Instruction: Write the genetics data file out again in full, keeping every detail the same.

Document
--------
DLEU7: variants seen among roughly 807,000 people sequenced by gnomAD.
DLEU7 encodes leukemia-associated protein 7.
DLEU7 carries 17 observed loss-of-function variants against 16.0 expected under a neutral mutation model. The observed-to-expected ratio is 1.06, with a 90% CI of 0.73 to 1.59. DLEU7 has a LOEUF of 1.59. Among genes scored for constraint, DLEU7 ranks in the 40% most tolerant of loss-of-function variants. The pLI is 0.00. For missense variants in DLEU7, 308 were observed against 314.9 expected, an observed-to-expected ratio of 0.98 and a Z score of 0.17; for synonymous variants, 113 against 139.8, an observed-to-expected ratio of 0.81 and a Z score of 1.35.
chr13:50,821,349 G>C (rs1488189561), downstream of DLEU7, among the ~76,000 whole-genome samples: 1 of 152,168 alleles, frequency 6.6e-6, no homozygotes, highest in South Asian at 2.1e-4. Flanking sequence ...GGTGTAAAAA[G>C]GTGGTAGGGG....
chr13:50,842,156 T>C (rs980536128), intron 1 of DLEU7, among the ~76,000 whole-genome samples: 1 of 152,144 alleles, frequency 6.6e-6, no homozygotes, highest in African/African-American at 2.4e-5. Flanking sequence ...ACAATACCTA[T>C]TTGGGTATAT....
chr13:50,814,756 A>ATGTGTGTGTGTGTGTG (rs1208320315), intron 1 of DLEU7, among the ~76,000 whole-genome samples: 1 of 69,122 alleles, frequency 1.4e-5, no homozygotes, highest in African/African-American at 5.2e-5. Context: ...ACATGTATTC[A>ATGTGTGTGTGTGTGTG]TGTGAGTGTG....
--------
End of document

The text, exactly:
DLEU7: variants seen among roughly 807,000 people sequenced by gnomAD.
DLEU7 encodes leukemia-associated protein 7.
DLEU7 carries 17 observed loss-of-function variants against 16.0 expected under a neutral mutation model. The observed-to-expected ratio is 1.06, with a 90% CI of 0.73 to 1.59. DLEU7 has a LOEUF of 1.59. Among genes scored for constraint, DLEU7 ranks in the 40% most tolerant of loss-of-function variants. The pLI is 0.00. For missense variants in DLEU7, 308 were observed against 314.9 expected, an observed-to-expected ratio of 0.98 and a Z score of 0.17; for synonymous variants, 113 against 139.8, an observed-to-expected ratio of 0.81 and a Z score of 1.35.
chr13:50,821,349 G>C (rs1488189561), downstream of DLEU7, among the ~76,000 whole-genome samples: 1 of 152,168 alleles, frequency 6.6e-6, no homozygotes, highest in South Asian at 2.1e-4. Flanking sequence ...GGTGTAAAAA[G>C]GTGGTAGGGG....
chr13:50,842,156 T>C (rs980536128), intron 1 of DLEU7, among the ~76,000 whole-genome samples: 1 of 152,144 alleles, frequency 6.6e-6, no homozygotes, highest in African/African-American at 2.4e-5. Flanking sequence ...ACAATACCTA[T>C]TTGGGTATAT....
chr13:50,814,756 A>ATGTGTGTGTGTGTGTG (rs1208320315), intron 1 of DLEU7, among the ~76,000 whole-genome samples: 1 of 69,122 alleles, frequency 1.4e-5, no homozygotes, highest in African/African-American at 5.2e-5. Context: ...ACATGTATTC[A>ATGTGTGTGTGTGTGTG]TGTGAGTGTG....